“Jane Got a Gun” – a movie review by Gary Chew
As a Western, Jane Got a Gun looks quite authentic. It was shot around Santa Fe. Landscapes are top notch in north central New Mexico. There’s plenty of such of terrain to see in this new movie directed by Gavin O’Connor.
The rural sets of isolated homesteads and a wide-spot-in-the road town where most of the action takes place have a natural look and feel. The plot, although certainly not long on originality, is a pretty good one: a young mother and wife in the Old West fending off bad guys while doing all she can to make life better and safer for her little girl as well as her seriously wounded husband after his gun play with a typical bad guy gang with an oily boss. This is reminiscent of Jennifer Lawrence’s first film, Winter’s Bone.
Jane would have been a been a pretty good picture if the script had been written well and an effort made to avoid some of the cliches that have made many Westerns bite the dust. Then about those long pauses in the dialogue, apparently used to bring a sense of gravity for a particular moment that doesn’t have any: maybe a good deal less of those, I’d say.
After watching about half of Jane, I began to keep my eyes shut for longer periods of time (Not just blinks). Visually, I knew, after that small amount of running time, there was little that was soon to happen I’d need to know about. So, I just listened to the silence through those long stretches of zero conversation. The pace is not so much slow as it is simply sagging.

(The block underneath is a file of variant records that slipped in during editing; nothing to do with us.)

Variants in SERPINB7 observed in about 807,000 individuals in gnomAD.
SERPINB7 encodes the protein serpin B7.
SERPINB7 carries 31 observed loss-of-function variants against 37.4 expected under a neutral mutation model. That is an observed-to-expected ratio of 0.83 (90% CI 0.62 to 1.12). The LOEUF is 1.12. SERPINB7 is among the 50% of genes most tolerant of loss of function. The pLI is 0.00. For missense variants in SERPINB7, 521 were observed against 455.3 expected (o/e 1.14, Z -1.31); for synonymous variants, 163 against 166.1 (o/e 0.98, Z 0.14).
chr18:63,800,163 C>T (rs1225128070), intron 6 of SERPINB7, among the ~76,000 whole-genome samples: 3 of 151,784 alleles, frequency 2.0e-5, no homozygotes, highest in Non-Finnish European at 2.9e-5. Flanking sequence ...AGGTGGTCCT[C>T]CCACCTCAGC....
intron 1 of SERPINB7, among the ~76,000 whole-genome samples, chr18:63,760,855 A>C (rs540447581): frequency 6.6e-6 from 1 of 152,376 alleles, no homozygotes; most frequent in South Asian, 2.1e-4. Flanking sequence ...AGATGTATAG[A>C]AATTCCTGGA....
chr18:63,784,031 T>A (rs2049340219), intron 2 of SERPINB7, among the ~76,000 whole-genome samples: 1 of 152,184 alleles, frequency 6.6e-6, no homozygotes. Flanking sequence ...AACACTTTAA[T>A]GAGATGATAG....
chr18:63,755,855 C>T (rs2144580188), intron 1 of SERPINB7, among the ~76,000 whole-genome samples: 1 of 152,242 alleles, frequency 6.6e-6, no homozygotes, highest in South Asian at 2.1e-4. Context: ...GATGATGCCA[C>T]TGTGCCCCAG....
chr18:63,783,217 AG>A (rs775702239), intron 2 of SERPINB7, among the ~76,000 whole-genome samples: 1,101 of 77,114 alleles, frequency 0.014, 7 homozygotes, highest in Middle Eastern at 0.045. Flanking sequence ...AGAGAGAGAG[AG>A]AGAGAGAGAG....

O’Connor’s has cast some good actors. Natalie Portman, who looks marvelous in a ten-gallon, is one of the producers of Jane and does the title role. Joel Edgerton is Jane’s former fiance who’s trekked all the way from Missouri to further west to find her, and Noah Emmerich is Jane’s shot-up spouse. His name is Bill. And the other actor that made me want to see the film, in the first place, is Ewan McGregor; he plays Colin, the oily boss guy leader. They’ve got Ewan with his hair all slicked back with a generous mustache that seems like it might be well lubricated too. I’ve never seen Mr. McGregor do this kind of role. He made the stretch hiding his accent, but his performance in not comparable to others I’ve seen him do in previous films.
The movie seems to want to perk itself up with several scenes in which characters are tortured. Pain is a big thing. Such stuff, along with copious gun play, puts Jane Got a Gun into a spotlight of darkness even though the pristine natural background is easily seen just beyond all the staged tumult.
It also jumps back and forth in time. It’s a little bit confusing, at times, about the whereabouts the story is taking place and the fact that Edgerton and Emmerich, from a distance, are not easily distinguished from one another, especially when they have on their hats.
The most weighted and predictable cliché would be how Jane Got a Gun concludes. It comes with no surprise, since the script has not had anything clever about it, whatsoever, from the beginning. How could it end any other way?
Many movies today showcase heroic females who kick ass and seldom ask questions before or after doing so. Natalie Portman, Jennifer Lawrence, Reese Witherspoon, etc., are surely wanting to stretch themselves as formidable women who, when pushed, win the draw and laugh all the way to the bank.